I remember when my favourite
photo of myself was of me in
the dark wearing
an alligator mask.

It had nothing
to do with anyone
but the dog that lived in my heart.

He doesn’t have a name,
I haven’t named him yet and
he doesn’t have a name.

He loved it when I wore that
mask and I loved to wear it
just for him, to hide
my shame in plain sight.

Out of the dark into
the plenty I will bear
no cross nor settle no
score nor pay no rent
to you.


‘Untitled’, Bhupen Khakhar, c. 1973


I’ve a hard time casting
a shadow,
the rays don’t recognize my form.

There’s a fever in
my insides,
woolly and overgrown.

There’s no one on this
dull cove,
a bleak palette for a dream.

You’re meandering like
cold water,
can’t stay afloat in your streams.

I’ll plant a tree if you
nurture it,
though your branches are pruned.

There’s no dry-run for
this scene,
I’m unrehearsed for you.

We’ll build a room for
our haunts,
I won’t open the door.

We’ll paint over old
silver linings,
to abide once more.

The rays will recognise
these forms,
fused clay of the earth.


Hidden Gully‘, Richard Claremont 2016, oil on canvas


This poem is about a Lovecraftian figure that has been recurring for years in only the worst of my nightmares. It is Lovecraftian in the sense that the adversary is singular in its malevolance, immutable and incomprehensibly superior to the human.  This thing is evil in excess, powerful beyond belief and a virtuoso of cruelty and mindgaming through disguising itself as household items, inanimate objects, negative spaces, loved ones, movement or even as atmosphere. It is the consummate non- and anti-human, the stalking torture, a delayed execution. 


Formless haunt
abstracted cruelty
Capgras’ djinn,
cystalline mazes
physical paradoxes become
shrines to emesis.

A rabisu to my name
the playful insouciant evil
sentient cancer
the inverted cosmic black
foul electric.

Hijacked dream
astral hex
lurking dark traveller
seance prose
host charmer.


‘Miss Muriel Belcher’, Francis Bacon 1959


There were whirring nerves
when they heard
about the living ghost.

He brought a bouquet
and a grey stone flail
to the people’s court.

Wilted blooms with no thorns, 
a daisy chain and a hilt
of bone – a serotonin rort.

Will he kill us,
do we invite him?
What do we offer,
will we like it?

They shook the human hand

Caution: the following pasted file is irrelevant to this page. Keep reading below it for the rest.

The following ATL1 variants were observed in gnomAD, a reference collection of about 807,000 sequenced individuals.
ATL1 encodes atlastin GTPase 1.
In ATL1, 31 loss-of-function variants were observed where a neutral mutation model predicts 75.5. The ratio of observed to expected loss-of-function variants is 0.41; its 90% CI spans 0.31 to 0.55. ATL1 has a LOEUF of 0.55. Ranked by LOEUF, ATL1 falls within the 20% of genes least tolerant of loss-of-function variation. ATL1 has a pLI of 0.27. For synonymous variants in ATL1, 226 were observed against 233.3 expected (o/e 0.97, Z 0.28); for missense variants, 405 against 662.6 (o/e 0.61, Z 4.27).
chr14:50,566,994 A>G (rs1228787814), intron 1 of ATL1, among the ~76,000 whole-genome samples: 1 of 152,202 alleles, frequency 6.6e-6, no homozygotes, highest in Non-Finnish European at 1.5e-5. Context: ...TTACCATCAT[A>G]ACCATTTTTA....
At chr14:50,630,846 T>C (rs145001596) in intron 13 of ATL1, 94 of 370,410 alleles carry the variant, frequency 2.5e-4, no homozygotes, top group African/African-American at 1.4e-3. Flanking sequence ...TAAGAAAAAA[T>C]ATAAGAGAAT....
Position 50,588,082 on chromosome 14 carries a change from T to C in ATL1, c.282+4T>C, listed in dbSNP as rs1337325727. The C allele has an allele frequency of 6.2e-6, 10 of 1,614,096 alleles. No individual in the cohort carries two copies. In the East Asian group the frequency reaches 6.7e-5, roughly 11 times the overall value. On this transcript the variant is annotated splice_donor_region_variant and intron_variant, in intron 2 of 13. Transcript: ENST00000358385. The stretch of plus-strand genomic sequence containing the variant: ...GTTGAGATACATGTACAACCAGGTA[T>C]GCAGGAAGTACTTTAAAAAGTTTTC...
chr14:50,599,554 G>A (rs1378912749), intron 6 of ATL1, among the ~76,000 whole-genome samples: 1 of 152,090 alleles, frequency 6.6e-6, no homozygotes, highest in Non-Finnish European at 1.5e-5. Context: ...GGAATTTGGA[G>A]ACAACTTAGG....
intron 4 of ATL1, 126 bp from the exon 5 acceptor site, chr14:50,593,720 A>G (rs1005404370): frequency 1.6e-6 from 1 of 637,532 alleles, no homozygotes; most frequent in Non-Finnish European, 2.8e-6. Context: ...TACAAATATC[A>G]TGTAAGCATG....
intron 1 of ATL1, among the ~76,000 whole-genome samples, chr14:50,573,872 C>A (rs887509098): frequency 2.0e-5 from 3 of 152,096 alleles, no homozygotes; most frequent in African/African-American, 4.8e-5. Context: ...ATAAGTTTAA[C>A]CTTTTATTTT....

fleshy and bland
of the holy corpse

Their minds went inert,
when they had learned
that they had killed him years before


‘Two Figures’, Keith Vaughan 1966


There was a line you drew
and it felt like questioning
It probably had something
to do with destiny

I just thought I’d mention it

The paint is flaking off these walls
and I’d patch them but
it’s hard to move when there’s
mildew in these sinews

A blank cheque and rosy rhetoric

I can take a hit when it’s
punching and gouges
And good men don’t weep when
they get hung out to dry

These chambers are derelict

But I’ll evict you tomorrow
just like I said yesterday
I’ll evict you when I’ve found
a better place to stay


‘Excursions into philosophy’, Edward Hopper 1959


To me, the coupling of fabrics and textiles with people is such a rich and evocative pairing. It’s not just limited to items of clothing either, although they are such a large part of why I find it captivating. I’d like to write more about this subject or material and use it as a springboard. Here is a start. 


You wore white gauze
and dressed like the breeze
It blanketed your hills
and they glowed underneath

Come closer with
your cuffs encircling your
wrists of patchouli your
collar of violet and amber

You never took the time
to iron out the creases
so I used my hands to sweep them
off your tired shoulders

But it curled in a pile
on your bedroom floor
You just couldn’t bear to wear
this one anymore


Hanging undershirt’, Avigdor Arikha 1977


I’ll be careful when
I touch what is fragile.
Follow your hair and trace
our fingers to the middle
Where your ravine of soft beige
hides where your heart stays.

I think I’ll hide here and
soothe with the tide of your breath
until you find me
and let me go.


Section of ‘Pregnant Girl’, Lucian Freud 1961